Restaurants and Businesses Benefit from Temporary Tax Break
Congress has provided businesses with a temporary tax break as a means of helping the restaurant industry, which has been devastated by the COVID pandemic.
Although the Tax Cuts and Jobs Act eliminated the business deduction for entertainment, it continued to allow a deduction for 50% of the cost of qualified business meals.
As part of its COVID relief efforts Congress is allowing businesses to deduct 100% of business meals during 2021 and 2022, provided the meals are provided by a restaurant.
Recent guidance from the IRS (Notice 2021-25) defines the term restaurant to mean a business that prepares and sells food or beverages to retail customers for immediate consumption, regardless of whether the food or beverages are consumed on the business’s premises. However, a restaurant does not include a business that primarily sells pre-packaged food or beverages not for immediate consumption, such as a grocery store; specialty food store; beer, wine, or liquor store; drug store; convenience store; newsstand; or a vending machine or kiosk.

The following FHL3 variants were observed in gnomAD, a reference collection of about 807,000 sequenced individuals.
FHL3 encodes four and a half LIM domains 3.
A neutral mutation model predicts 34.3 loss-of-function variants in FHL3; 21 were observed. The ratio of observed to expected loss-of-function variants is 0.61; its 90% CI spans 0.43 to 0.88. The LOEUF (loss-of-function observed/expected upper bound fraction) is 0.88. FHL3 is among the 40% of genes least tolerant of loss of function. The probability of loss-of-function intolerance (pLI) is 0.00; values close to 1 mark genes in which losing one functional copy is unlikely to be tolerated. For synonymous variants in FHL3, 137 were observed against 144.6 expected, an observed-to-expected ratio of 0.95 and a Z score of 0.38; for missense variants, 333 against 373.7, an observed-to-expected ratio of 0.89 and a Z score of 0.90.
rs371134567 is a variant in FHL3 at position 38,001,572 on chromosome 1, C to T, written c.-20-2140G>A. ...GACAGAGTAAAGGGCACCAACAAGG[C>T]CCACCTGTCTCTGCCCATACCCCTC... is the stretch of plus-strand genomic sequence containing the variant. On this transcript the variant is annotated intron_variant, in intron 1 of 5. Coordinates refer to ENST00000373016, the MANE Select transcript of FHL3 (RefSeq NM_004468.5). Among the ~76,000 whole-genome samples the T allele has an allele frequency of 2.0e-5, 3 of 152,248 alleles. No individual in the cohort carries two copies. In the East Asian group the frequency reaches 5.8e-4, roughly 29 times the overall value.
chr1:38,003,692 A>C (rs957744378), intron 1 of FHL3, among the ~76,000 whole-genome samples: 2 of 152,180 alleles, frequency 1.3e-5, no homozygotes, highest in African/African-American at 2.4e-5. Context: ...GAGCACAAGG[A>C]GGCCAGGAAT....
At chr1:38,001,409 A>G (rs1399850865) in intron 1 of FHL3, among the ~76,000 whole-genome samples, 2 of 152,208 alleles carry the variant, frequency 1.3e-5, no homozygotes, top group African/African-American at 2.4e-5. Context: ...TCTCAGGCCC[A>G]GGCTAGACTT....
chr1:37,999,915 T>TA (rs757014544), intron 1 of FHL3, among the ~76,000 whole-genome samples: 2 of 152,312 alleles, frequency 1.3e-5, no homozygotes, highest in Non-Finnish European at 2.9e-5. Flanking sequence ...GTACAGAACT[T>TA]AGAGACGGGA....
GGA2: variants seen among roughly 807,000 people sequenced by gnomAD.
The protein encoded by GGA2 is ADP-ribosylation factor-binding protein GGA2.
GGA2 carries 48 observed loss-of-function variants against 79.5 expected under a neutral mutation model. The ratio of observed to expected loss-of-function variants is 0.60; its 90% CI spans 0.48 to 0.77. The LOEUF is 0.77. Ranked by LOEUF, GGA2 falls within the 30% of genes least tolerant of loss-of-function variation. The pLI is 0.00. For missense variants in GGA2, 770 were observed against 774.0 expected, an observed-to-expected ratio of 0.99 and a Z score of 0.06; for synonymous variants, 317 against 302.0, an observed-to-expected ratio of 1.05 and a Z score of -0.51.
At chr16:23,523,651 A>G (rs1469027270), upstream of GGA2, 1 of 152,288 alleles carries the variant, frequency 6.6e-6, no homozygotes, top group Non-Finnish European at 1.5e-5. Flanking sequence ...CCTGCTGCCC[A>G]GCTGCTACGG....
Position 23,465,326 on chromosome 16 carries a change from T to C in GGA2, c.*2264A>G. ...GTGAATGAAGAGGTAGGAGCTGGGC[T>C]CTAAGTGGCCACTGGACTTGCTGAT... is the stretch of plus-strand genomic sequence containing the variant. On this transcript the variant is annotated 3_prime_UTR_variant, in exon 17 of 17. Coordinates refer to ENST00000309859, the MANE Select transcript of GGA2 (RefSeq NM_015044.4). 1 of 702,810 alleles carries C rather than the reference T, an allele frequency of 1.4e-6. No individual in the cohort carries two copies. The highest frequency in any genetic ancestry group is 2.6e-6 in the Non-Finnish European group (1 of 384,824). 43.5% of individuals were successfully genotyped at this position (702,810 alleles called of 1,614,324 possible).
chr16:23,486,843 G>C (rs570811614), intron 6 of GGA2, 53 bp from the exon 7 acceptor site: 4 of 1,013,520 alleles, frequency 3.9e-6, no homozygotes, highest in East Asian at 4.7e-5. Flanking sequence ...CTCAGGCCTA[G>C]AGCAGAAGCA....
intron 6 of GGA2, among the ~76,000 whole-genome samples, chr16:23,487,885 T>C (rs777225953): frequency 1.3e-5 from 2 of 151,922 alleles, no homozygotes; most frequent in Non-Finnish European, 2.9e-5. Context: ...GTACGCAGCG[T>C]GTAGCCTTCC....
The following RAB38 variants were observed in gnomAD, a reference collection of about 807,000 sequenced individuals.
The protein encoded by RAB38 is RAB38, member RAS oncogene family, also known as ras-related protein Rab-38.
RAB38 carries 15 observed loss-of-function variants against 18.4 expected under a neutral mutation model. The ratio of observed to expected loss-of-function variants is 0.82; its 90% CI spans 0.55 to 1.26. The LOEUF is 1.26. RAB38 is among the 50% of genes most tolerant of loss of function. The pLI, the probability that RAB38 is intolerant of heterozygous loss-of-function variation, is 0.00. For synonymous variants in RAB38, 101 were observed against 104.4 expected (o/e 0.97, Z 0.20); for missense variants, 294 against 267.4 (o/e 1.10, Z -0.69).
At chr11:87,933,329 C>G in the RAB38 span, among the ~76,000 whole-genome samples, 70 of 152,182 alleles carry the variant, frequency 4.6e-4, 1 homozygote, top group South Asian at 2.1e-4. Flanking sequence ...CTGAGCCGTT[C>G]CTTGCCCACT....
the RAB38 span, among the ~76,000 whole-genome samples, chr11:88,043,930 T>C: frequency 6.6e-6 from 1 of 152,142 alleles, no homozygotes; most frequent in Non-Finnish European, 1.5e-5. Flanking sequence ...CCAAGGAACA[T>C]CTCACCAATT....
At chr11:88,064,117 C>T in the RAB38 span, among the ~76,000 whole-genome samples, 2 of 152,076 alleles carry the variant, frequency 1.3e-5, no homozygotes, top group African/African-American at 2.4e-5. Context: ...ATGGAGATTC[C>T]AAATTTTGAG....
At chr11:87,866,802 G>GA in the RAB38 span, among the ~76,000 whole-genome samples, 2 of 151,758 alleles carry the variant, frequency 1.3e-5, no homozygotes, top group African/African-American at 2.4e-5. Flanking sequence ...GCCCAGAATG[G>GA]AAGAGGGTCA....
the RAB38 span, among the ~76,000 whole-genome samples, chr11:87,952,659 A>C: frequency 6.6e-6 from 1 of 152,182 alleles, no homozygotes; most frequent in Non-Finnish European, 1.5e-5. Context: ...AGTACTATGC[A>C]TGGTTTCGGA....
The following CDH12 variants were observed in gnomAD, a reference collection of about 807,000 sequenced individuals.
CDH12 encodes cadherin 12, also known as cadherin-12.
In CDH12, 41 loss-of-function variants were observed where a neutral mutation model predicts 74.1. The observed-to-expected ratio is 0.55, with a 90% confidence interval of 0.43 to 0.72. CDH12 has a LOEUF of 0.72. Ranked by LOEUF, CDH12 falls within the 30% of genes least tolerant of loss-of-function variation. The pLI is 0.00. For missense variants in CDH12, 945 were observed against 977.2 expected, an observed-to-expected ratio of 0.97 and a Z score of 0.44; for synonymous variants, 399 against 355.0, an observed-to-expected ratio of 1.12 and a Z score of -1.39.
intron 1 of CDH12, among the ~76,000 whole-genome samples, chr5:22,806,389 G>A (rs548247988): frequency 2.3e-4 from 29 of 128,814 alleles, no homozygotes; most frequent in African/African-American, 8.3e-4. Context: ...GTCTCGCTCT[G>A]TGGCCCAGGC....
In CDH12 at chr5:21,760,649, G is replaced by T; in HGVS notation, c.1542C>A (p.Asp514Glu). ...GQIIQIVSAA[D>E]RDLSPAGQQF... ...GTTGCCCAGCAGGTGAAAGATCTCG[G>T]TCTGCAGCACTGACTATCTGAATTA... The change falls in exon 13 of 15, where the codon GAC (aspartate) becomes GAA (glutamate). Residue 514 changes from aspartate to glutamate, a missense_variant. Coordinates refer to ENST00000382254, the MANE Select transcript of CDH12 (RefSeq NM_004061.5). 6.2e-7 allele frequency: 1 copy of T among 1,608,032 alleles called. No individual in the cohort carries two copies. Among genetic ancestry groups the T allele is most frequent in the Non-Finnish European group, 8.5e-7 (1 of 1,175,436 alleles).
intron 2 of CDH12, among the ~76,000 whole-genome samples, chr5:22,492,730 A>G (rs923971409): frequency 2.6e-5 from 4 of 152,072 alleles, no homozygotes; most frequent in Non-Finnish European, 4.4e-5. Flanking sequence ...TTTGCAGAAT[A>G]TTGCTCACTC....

In addition, an employer may not treat as a restaurant any eating facility located on the business premises of the employer and used in furnishing meals excluded from an employee’s gross income under IRC Sec 119, or any employer-operated eating facility treated as a de minimis fringe benefit even if such eating facility is operated by a third party under contract with the employer.
Business meals are deductible up to an amount not considered “lavish” (reasonable under the circumstances). Also, the taxpayer (or a representative of the taxpayer) must be present. The representative could be, for example, the taxpayer’s employee, an attorney or an independent contractor who performs significant services for the taxpayer.
A final hoop to qualify for the deduction is meeting the substantiation requirements. You must be able to establish the amount spent, the time and place, the business purpose and the business relationship and names of the individuals involved. Taxpayers should keep a diary, account book or similar records with this information and record the details within a short time of incurring the expenses – a timely kept record carries more weight in an IRS audit than one created months or years after the event occurred, when memory can be hazy. For expenses of $75 or more, documentary proof (receipts, etc.) is also required.
Lastly, individuals who are employees cannot claim a deduction for business meals, even if all of the requirements noted above have been met. This is because the Tax Cuts and Jobs Act suspended the deduction of employee business expenses as an itemized deduction for years 2018 through 2025.
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